M&R was followed by renewable energy company Montauk Renewables Inc., listed locally and in the US. Montauk recorded a MoM share price gain of 46.4%. In its FY23 results, released last week, Montauk reported that its total operating revenues fell to US$174.9mn from US$205.6mn posted in FY22, while diluted EPS decreased by 56.0% YoY to US$0.11. Nevertheless, the company said its performance rebounded in 1Q24, and management reaffirmed their positive FY24 earnings guidance in the results call. FY24 revenue is expected to come in between US$195mn and US$215mn compared to the US$174.9mn reported in FY23.

Another share under significant pressure over the past few years, EOH Holdings, was May’s third best-performing share, recording a 29.1% MoM gain. Last month, the company released a SENS announcement, which sparked media reports that conflict might be brewing at an EOH boardroom level. EOH informed shareholders that it “has been approached by certain shareholders regarding the succession plan for the board”. It noted that “the board is engaging further with the shareholders. Pending further announcements, shareholders are advised to exercise caution when dealing in EOH securities,”. Then, this past weekend, EOH announced a shake-up in response to mounting shareholder impatience with the company’s operational and stock market underperformance. The latest strategy includes expanding its iOCO and international unit, cutting unnecessary costs and changing leadership if required.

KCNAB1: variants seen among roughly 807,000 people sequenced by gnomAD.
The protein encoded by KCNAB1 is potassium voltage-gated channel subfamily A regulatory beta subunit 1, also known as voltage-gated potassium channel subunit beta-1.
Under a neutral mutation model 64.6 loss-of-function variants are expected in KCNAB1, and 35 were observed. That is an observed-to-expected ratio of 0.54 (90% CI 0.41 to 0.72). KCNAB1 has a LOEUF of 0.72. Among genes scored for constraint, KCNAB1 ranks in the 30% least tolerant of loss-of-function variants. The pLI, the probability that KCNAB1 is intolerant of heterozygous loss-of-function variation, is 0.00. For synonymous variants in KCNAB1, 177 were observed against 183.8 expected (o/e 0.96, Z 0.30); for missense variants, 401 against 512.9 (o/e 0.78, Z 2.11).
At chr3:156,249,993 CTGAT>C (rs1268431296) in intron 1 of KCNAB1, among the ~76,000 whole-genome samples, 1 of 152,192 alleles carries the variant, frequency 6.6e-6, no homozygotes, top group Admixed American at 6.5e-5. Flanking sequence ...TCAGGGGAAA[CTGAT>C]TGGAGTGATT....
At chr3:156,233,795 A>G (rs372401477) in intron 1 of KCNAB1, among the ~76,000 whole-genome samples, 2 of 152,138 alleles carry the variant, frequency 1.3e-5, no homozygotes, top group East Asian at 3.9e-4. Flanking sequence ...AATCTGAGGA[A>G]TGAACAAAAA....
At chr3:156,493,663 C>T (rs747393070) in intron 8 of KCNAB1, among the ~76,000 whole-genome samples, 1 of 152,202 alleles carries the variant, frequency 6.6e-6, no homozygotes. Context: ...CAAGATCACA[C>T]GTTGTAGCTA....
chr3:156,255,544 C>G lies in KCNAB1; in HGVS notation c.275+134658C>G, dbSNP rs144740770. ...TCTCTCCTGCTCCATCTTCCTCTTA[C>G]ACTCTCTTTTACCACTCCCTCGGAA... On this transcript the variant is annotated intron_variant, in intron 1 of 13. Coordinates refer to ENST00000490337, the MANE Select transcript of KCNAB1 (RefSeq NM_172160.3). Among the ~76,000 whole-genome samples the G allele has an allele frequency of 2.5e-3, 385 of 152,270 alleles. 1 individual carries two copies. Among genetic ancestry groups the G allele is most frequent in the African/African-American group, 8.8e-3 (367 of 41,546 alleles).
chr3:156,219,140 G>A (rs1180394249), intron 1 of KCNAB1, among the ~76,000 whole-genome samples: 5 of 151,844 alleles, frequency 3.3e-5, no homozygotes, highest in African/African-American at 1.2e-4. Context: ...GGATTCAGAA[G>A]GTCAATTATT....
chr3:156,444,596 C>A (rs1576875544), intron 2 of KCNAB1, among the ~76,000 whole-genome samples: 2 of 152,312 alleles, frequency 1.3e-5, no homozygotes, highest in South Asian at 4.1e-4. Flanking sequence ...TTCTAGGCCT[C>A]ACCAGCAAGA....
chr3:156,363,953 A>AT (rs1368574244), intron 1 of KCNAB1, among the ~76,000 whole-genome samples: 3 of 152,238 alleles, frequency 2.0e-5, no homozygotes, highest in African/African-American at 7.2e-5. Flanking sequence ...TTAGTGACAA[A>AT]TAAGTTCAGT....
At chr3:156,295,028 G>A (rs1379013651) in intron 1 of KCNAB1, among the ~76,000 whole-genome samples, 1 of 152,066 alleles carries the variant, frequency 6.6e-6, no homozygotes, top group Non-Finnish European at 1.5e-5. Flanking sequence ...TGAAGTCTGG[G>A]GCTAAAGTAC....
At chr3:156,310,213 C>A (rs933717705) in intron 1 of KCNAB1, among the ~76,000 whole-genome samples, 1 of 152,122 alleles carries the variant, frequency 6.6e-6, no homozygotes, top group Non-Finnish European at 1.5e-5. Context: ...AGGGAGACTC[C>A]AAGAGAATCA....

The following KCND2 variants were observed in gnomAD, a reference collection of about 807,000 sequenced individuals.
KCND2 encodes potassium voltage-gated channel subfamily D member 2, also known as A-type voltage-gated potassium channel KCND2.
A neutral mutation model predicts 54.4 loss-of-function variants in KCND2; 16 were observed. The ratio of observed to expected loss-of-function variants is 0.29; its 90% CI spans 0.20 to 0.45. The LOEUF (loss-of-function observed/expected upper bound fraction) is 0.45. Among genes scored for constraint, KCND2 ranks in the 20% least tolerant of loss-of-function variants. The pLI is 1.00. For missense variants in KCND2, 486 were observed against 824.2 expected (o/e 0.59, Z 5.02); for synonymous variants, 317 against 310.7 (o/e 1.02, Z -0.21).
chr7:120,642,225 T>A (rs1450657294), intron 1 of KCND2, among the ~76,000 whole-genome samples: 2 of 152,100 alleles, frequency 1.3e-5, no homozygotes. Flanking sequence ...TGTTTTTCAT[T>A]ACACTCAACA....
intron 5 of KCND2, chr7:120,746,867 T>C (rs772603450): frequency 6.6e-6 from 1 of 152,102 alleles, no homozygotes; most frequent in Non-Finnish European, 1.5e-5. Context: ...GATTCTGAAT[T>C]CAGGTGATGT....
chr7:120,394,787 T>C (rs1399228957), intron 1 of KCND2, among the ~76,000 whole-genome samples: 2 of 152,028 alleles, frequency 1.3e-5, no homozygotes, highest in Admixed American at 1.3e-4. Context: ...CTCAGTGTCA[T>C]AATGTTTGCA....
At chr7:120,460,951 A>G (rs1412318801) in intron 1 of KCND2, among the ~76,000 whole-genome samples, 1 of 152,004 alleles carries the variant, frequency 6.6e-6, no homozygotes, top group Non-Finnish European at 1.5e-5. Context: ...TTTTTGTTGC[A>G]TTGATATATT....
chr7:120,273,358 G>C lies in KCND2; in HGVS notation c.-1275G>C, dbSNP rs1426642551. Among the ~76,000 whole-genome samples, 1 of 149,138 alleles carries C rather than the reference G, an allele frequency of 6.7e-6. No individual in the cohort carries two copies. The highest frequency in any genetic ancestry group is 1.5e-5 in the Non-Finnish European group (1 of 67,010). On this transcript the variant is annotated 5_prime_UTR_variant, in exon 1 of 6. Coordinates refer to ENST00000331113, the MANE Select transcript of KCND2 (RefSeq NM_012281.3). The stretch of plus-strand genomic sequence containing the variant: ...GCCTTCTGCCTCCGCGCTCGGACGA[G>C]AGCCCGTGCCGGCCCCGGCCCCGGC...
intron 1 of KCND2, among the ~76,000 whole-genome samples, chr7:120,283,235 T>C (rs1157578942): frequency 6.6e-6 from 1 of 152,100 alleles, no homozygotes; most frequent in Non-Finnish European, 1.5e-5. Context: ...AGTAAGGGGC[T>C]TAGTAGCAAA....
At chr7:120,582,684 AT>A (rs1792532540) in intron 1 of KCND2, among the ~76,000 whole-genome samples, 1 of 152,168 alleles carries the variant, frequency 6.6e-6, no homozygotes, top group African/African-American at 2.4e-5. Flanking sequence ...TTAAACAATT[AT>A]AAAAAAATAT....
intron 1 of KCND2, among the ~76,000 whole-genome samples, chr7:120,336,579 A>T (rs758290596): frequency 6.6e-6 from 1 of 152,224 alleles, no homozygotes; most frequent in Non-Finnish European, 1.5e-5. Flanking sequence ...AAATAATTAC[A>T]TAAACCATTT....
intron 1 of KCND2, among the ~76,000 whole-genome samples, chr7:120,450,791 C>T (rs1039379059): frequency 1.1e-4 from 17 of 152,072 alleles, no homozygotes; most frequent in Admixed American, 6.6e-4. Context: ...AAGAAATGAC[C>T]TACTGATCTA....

EOH was followed by Pick n Pay (up 23.2% MoM). Shares in the local retailer rose, which is a likely sign that investors are confident in the new CEO, Sean Summers’ turnaround plan. Pick n Pay also confirmed that the founding family and controlling shareholder (Ackerman Investment Holdings) will give up their voting rights next year as part of a rights offer to raise R4bn to assist the struggling retailer. The announcement was made after the Group released weak FY24 results on 27 May, driven by a substantial trading loss at Pick n Pay, which overshadowed the strong performance of its Boxer business. Turnover rose to R112.3bn from R106.6bn posted in FY23, while its diluted loss per share stood at ZAc659.98, compared with an EPS of ZAc242.54 recorded in the previous year.

WeBuyCars, Raubex Group, and African Rainbow Minerals (ARM) followed with MoM gains of 19.5%, 17.2%, and 15.1%, respectively. WeBuyCars, which was spun out of Transaction Capital and listed in April, released its first results since the listing. The company’s core headline EPS rose 21.1% to ZAc119.9 in the six months to 31 March, while revenue increased by 15.9% to R11.4bn. Infrastructure development and construction materials company Raubex reported robust FY24 results, which showed that its revenue advanced by 13.8% YoY to R17.43bn, while headline EPS increased 21.3% YoY to ZAc476.3. Last week, ARM said it had closed an agreement to acquire a 15% stake in Surge Copper Corp. for a total amount of c. R55mn.